What I‘ve learned and heard is that if there is an indication of a tension pneumothorax (e.g. rib series fracture with elevated pulse and difficulties in breathing), treatment is always to get two venous catheters, two syringes and do needle chest compression on both sides (just to be sure the punctuation works).

I‘ve come across this article and was wondering if there are any reliable alternatives to the rather invasive treatment option, especially with the morbidity outlined in the article.

Obviously, if the indications are clear there is no reason to hesitate, but especially with children their bones are not strong and such symptoms and indications are easily achieved. I don’t want to have to pierce them, but I also don’t want to let them die.

  • What would constitute an acceptable level of practice for a technique to be an alternative. Written into a standard level of care? You outline everything I've ever seen in your first paragraph, but I'll poke around as I have time today.
    – Atl LED
    Commented Nov 29, 2017 at 16:38
  • @AtlLED Well, are there any other options recommended than needle pain compression? If you can find a guideline saying needle chest compression is the only option, I‘m fine with that as well :) Thanks in advance!
    – Narusan
    Commented Nov 29, 2017 at 16:40
  • I mean I found a few protocols that only list that option in the treatment, but that doesn't mean that it's exclusive. I haven't been in the field in a while though, and I'm going to keep poking around. If there is an alternative the scope is definitely going to have to be in a hospital, I can't see a way for a field medic to expand their practice.
    – Atl LED
    Commented Nov 29, 2017 at 17:11
  • @AtlLED All resources I checked Hint that NCC is the only option. Feel free to post that as an answer so that someone gets the benefit of my bounty :)
    – Narusan
    Commented Nov 30, 2017 at 12:55
  • 1
    So hard to prove a negative... I'll try to get something up tomorrow night when I'm babysitting M4's.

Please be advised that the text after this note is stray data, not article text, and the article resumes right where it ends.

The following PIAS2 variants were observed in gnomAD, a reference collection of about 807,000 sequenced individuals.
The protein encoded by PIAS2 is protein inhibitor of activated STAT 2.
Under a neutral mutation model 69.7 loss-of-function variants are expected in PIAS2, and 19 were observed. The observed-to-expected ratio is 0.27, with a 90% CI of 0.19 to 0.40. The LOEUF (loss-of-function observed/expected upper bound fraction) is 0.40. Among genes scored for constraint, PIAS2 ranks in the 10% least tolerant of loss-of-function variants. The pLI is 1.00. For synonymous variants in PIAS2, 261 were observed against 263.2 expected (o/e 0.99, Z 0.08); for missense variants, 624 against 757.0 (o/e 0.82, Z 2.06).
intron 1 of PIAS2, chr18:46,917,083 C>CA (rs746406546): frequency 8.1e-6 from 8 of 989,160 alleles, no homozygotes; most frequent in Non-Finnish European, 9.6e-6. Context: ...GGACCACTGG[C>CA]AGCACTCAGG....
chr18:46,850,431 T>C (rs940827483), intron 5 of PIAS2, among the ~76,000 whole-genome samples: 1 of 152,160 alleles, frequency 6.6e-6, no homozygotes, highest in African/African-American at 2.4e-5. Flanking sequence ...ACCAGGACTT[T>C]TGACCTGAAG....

– Atl LED
    Commented Nov 30, 2017 at 15:26

2 Answers 2


Tension pneumothorax is an emergency in that it an kill somebody quickly. Venous catheters are part of standard management in trauma or resuscitation settings.

As for pneumothorax itself; keep in mind that the needle decompression is not actually a definitive treatment but rather something to buy you time to do something more definitive like a tube thoracostomy.

If you read the article carefully, you can see that those recommendations are in a prehospital setting for a patient that will essentially die if you don't do something right away.

  • 2
    I think this is a good answer but it lacks supporting references.
    – Carey Gregory
    Commented Nov 18, 2020 at 15:31
  • I didn't add any because I see it as essentially just commenting on the article posted by the asker themselves. Will look for some I can add when I got some time; alternatively, if somebody thinks I'm wrong (or wants to add some themselves before I can get to it) by all means go ahead. Commented Nov 19, 2020 at 11:36

It is treated surgically only. that disease has a high lethality. Thoracotomy may be a life-saving option if other actions fail http://www.trauma.org/archive/thoracic/CHESTtension.html

  • 3
    What do you refer to as “surgically only”? I wouldn’t consider Needle-Chest-Compression as surgical... Chest Drain Placement is listed on the source you linked to, so there definitely are other treatment options than needle thoracostomy.
    – Narusan
    Commented Oct 31, 2017 at 17:38
  • 1
    @Narusan Needle thoracostomy is only a temporizing measure. Thoracostomy (either open or percutaneous) is the definitive therapy. All of these are surgical therapies. There is no non-surgical therapy for tension pneumothorax.
    – RudyB
    Commented Apr 9, 2020 at 13:32

Your Answer

By clicking “Post Your Answer”, you agree to our terms of service and acknowledge you have read our privacy policy.

Not the answer you're looking for? Browse other questions tagged or ask your own question.